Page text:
Some of you also asked what my role was in her affair and how I could blog about this situation, without betraying her. You can relax; enough details have been changed.
As for my role? Actually, the whole situation took me by surprise. I wasn't quite sure how to act or react, so I started to write, figuring some of your comments might be helpful.
I don't have a role, except that I am her friend, and I'm listening. I'm not condoning what is going on, but I also know that I don't have the power to stop it.
As you may remember from my first and second blogs on this, she had an out-of-body experience with her young lover and was going to meet this man a second time at a conference; she simply couldn't or wouldn't stay away from him in spite of the fact that (or perhaps because) she'd never done something like this in the past.
And she did meet him. She had the second night of what she described as pure ectasy. I think she would have left her husband, if she thought this affair could go somewhere, but her young lover has his own family, and isn't likely to leave them.
So there she is. Or was.
Because the reason she called is that she's pregnant. You may remember she'd been married for many years and didn't have any children. But now she's pregnant and she just found out.
The implication is that it isn't likely that her husband is the father, but the new lover.
To make matters worse, after their second rendezvous at that conference, the young lover got cold feet and broke it off.
So now she is heartbroken and in complete panic about what to do. She always wanted a baby, but not this way. Her husband always wanted a baby, but certainly not this way.
She told me she'll stay with her husband and have the baby. She hasn't said a word to him about anything yet and I'm not sure she will. That leaves me knowing, and feeling very strange about the fact that I do know.
Usually I don't have a problem coming up with advice, but this time I don't have any. At least none that she would listen to.
So I did some looking around on the net. It turns out that among those who work in genetics the consensus is that roughly 10 percent of us are not fathered by the man we believe to be dad.
A British survey conducted between 1988 and 1996 by Robin Baker, a former professor at the University of Manchester, confirmed the 10-per-cent figure. That may seem high to skeptics such as Dalhousie University geneticist Paul Neumann, although even he admitted that "my colleague, who's a woman, tells me women have no trouble believing it. . . . It's the men who can't."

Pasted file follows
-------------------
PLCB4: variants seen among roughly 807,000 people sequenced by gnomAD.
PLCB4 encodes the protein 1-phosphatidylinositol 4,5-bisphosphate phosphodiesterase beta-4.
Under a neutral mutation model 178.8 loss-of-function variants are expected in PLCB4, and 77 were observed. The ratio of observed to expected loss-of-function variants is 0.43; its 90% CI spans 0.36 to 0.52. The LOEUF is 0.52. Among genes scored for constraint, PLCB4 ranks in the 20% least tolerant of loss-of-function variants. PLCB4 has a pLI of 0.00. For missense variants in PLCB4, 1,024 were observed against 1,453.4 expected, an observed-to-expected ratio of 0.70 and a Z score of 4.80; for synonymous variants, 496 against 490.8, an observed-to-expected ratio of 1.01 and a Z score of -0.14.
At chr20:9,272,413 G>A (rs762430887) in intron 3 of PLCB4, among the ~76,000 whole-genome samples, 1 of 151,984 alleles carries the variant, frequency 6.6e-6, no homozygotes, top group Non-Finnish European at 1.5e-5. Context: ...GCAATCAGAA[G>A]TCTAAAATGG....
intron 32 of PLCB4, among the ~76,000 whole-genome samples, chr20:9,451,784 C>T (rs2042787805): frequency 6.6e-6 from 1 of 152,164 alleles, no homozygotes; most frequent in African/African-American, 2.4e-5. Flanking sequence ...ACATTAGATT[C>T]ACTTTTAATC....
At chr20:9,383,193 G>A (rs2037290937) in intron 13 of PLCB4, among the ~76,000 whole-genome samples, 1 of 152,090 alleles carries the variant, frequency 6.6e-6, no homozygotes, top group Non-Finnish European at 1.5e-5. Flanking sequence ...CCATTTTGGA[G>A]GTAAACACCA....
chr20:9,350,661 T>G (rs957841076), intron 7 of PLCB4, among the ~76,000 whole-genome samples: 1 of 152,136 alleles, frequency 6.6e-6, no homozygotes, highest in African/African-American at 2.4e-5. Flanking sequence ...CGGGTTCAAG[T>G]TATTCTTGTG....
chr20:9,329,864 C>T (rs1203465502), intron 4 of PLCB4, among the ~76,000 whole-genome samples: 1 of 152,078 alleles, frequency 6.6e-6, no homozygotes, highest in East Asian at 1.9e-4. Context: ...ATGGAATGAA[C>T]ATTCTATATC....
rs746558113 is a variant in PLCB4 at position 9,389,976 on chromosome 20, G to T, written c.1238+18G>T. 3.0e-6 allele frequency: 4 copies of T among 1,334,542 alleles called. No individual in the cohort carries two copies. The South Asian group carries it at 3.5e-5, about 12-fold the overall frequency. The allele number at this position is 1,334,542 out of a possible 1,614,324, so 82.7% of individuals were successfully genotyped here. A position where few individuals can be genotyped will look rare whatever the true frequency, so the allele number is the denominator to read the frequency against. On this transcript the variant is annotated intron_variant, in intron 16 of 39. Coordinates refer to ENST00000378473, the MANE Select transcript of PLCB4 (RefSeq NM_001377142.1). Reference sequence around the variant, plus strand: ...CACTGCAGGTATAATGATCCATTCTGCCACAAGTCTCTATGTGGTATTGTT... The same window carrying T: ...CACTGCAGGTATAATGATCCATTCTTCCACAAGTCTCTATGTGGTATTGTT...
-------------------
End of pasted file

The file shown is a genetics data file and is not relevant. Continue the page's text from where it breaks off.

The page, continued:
Another story comes from Bernard Dickens, a specialist in health law and policy at the University of Toronto. He said that the non-paternity rate was three times that. "In the early 1970s, a schoolteacher in southern England assigned a class science project in which his students were to find out the blood types of their parents. The students were then to use this information to deduce their own blood types (because a gene from each parent determines your blood type, in most instances only a certain number of combinations are possible). Instead, 30 per cent of the students discovered their dads were not their biologically fathers. " The project was discontinued on the grounds that the classroom was not the ideal place for young people to find out this information.
And in a study in the Journal of the American Medical Association in 1995, "Blood Grouping Tests in Undisputed Paternity Proceedings," using blood typing, the result was that 18 percent of the men who had voluntarily admitted paternity, were not the actual fathers of the children.
In yet another study, the American Association of Blood Banks said the 300,000 paternity tests it conducted on men in the year 2000 ruled out nearly 30% as the father.
An anthropologist at Rutgers University, Dr. Helen Fisher, surveyed people who said they were in love. 20 percent of the men and 12 percent of the women disagreed with the statement "Being sexually faithful is important when you are in love." The conclusion is that while monogamy is the officially approved form of mating in the United States, a significant minority of maybe 10 percent of women and 20 percent of men, disagree.
So perhaps, the situation my friend found herself in is much more common than we expect. As for me, there's no way I can do the right thing. If I talk I break her confidence.* If I don't talk I participate in her deception. The only solution--get her to talk to her husband.
And I'm not the only one who had to struggle with this situation. In 1994, the Committee on Assessing Genetic Risks of the Institute of Medicine published their recommendations regarding the ethical issues raised by advances in genetics. One of the Committee's recommendations was to inform women when test results revealed misattributed paternity, but not to disclose this information to the women's partners. The Committee's reason for withholding such information was that "genetic testing should not be used in ways that disrupt families". Others, of course, disagree and feel that non-disclosure to the male partner is unethical.
In life, sometimes there are no pretty solutions.
For those of you interested in reading more, click here.
*(And no, this blog doesn't qualify as talking, since I have disguised the details.)
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